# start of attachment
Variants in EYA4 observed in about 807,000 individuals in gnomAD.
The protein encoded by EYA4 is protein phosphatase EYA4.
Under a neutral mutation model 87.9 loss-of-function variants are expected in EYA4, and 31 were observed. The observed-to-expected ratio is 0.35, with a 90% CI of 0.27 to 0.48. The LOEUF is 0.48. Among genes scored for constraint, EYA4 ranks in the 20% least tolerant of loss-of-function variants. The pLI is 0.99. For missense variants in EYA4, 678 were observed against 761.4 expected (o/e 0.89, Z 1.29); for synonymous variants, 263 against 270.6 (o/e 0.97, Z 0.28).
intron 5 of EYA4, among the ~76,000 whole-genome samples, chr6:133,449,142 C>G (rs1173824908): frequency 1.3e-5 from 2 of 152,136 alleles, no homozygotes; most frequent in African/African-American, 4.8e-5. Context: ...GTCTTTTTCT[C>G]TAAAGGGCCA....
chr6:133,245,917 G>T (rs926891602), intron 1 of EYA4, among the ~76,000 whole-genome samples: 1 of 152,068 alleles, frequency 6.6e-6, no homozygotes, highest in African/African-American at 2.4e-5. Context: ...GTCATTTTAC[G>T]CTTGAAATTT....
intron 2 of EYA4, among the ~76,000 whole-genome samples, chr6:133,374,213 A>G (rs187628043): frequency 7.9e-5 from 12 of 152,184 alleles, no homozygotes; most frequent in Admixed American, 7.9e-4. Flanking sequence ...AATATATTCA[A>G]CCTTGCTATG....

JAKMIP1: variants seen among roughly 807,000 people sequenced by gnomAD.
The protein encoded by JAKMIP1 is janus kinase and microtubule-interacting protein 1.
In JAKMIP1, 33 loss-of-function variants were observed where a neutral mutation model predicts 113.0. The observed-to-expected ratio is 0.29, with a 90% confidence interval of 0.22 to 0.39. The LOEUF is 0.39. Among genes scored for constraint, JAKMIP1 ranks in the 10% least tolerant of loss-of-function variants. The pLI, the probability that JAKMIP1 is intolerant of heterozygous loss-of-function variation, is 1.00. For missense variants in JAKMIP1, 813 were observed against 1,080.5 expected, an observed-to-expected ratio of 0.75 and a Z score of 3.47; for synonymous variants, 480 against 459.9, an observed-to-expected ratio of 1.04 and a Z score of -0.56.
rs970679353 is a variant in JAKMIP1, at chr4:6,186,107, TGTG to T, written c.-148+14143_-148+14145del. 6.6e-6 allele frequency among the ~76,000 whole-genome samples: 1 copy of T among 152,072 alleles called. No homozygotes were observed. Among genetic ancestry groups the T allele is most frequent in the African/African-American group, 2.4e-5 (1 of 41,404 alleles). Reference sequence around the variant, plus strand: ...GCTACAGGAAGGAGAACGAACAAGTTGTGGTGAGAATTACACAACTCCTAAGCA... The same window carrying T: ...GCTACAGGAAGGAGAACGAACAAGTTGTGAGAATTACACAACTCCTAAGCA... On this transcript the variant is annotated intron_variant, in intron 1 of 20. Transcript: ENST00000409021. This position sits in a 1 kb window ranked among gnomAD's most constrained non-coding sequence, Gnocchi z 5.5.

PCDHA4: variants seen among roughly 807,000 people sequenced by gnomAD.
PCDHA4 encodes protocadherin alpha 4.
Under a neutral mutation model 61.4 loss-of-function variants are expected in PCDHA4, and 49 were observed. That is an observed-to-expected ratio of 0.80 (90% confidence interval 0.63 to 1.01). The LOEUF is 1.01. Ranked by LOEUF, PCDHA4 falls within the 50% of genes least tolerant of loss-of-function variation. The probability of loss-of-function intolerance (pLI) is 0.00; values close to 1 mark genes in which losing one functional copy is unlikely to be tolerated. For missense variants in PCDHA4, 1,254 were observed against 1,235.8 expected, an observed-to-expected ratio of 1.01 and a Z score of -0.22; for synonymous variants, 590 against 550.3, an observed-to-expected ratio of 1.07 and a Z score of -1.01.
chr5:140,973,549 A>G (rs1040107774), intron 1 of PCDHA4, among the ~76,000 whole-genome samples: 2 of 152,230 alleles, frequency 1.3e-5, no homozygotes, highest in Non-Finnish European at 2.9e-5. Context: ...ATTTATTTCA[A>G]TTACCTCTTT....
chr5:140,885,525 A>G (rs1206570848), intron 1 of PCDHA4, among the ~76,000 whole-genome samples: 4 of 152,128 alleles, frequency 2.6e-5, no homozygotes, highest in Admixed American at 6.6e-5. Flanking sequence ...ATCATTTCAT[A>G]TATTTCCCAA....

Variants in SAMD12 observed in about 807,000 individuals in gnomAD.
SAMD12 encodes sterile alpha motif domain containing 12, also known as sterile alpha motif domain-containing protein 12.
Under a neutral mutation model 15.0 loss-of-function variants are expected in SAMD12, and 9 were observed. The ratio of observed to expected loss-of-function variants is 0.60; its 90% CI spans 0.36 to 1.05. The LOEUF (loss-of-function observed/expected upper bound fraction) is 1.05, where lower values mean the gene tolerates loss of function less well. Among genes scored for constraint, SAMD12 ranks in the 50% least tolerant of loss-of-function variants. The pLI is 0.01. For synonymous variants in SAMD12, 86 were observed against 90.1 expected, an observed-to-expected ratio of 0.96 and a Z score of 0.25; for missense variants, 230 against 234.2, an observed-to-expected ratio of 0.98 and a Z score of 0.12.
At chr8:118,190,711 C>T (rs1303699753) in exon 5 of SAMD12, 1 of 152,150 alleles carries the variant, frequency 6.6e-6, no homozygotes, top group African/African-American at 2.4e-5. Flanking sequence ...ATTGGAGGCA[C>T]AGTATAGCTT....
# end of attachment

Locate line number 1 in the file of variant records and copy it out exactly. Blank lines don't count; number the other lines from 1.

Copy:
Variants in EYA4 observed in about 807,000 individuals in gnomAD.